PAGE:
Impressed with work of breast cancer charity

Andrew Jones hosting the Stroke  Association  fringe meeting, which was organised alongside the British Heart Foundation and  Action on Hearing Loss.

Andrew Jones hosting the Stroke Association fringe meeting, which was organised alongside the British Heart Foundation and Action on Hearing Loss.

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By Member of Parliament for Harrogate and Knaresborough, Andrew Jones

Party conferences are typically seen as events where cabinet ministers or shadow cabinet ministers speak to the party faithful. That does happen but conferences contain a lot more activity that never make the headlines.

This year’s party conference was no exception and it was certainly one of the busiest I have ever attended.

Inside the conference venue there are up to a hundred stands run mainly by national charities and pressure groups. Prior to conference many constituents wrote to me asking me to visit the stand belonging to a charity they supported and I made the effort to visit as many of those charity stands as possible.

Many fringe sessions are for delegates to learn about the challenges facing charities or voluntary groups and, as usual, I attended a good many of these to find out first-hand from professionals, volunteers and those who have benefited from the work of these groups about the challenges they face.

This year I was pleased to meet the Breakthrough Breast Cancer team to be briefed on their campaigns to improve awareness of breast cancer and to discuss ways in which survival rates might be boosted and I will continue to support and work with the charity. I am a member of the All Party Parliamentary Group on breast cancer and have recently been impressed by the recent work of Breakthrough Breast Cancer on the dangers of secondary cancers. It was an important meeting about an important subject and very useful indeed for me.

On the Tuesday morning I hosted the Stroke Association’s fringe meeting. I have been closely involved with work on stroke as vice chairman of an influential stroke group in the Commons. The event was organised alongside the British Heart Foundation and Action on Hearing Loss and was designed to highlight the difficulties people have living with long-term conditions. The meeting discussed how patients receive the information ensuring they have the information they need at the time they need it. We also discussed aftercare for those living with what can often be a very sudden change in circumstances and how that aftercare can be improved.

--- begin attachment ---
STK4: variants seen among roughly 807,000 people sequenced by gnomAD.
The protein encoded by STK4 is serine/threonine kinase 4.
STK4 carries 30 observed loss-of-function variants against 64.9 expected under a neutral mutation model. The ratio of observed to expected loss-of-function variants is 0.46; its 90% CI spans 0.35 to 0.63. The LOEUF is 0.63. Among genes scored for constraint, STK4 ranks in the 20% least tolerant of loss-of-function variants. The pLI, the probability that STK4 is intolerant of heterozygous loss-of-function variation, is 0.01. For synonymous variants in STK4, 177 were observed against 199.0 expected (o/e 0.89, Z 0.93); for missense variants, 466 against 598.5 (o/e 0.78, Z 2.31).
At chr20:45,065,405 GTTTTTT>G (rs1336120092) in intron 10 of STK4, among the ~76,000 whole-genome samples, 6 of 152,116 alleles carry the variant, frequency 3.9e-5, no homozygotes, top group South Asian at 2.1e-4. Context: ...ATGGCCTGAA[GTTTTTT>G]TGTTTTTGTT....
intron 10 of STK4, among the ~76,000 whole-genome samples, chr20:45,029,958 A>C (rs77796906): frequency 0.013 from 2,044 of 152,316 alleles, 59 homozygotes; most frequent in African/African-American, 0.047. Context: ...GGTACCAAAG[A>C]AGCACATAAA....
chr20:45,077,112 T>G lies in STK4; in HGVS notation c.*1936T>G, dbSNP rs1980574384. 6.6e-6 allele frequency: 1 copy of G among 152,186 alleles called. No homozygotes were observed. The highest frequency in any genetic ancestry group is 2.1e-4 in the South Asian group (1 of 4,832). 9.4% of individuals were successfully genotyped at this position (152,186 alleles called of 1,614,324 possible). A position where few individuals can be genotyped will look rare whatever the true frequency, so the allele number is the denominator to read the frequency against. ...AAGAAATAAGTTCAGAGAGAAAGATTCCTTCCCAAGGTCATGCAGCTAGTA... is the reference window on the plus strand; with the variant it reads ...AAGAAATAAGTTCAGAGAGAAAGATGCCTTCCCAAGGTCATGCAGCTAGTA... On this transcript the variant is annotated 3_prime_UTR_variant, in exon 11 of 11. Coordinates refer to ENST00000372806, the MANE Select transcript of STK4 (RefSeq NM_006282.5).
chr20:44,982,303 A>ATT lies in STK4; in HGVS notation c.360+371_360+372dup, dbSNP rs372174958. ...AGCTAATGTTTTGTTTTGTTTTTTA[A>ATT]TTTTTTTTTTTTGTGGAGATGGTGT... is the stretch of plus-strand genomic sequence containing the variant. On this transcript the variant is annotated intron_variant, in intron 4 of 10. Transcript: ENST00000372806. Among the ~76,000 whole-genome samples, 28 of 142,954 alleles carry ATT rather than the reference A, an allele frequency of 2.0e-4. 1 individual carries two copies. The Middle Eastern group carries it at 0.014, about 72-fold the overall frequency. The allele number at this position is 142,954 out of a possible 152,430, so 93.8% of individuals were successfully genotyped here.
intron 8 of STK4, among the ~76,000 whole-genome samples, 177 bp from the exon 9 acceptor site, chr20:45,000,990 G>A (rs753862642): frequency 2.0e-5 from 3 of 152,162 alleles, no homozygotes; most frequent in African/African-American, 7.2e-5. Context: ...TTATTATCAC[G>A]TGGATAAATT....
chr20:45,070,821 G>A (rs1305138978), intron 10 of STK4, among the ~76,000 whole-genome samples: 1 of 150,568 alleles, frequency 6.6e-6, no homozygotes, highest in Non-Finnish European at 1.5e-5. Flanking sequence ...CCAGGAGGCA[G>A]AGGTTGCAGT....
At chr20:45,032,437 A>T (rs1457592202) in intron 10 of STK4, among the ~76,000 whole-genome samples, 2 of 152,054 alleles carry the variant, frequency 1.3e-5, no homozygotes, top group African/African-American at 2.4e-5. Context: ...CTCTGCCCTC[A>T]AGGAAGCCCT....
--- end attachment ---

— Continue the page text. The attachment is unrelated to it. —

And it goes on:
A recent feature of Party Conferences is the ‘Social Action Zone’. This is to enable those attending to do some voluntary work. I always take part in this volunteering. Not only does it help a good cause but you also meet some really interesting people with whom you are working.

This year, I helped the charity Support our Soldiers. Alongside many other volunteers I packed boxes to be sent to front line troops. The parcels contained all sorts of so-called luxury items such as sweets, crisps and biscuits and I was pleased to enclose a personal message of support to the troops.

This gives a small snapshot of my time at Party Conference. I also met with business leaders, key decision makers in transport investment and many other individuals and groups.

What I have learned at conference will be brought to bear when debating legislation in the House of Commons and will enhance my knowledge of the issues when talking to local groups and individuals back home in the constituency.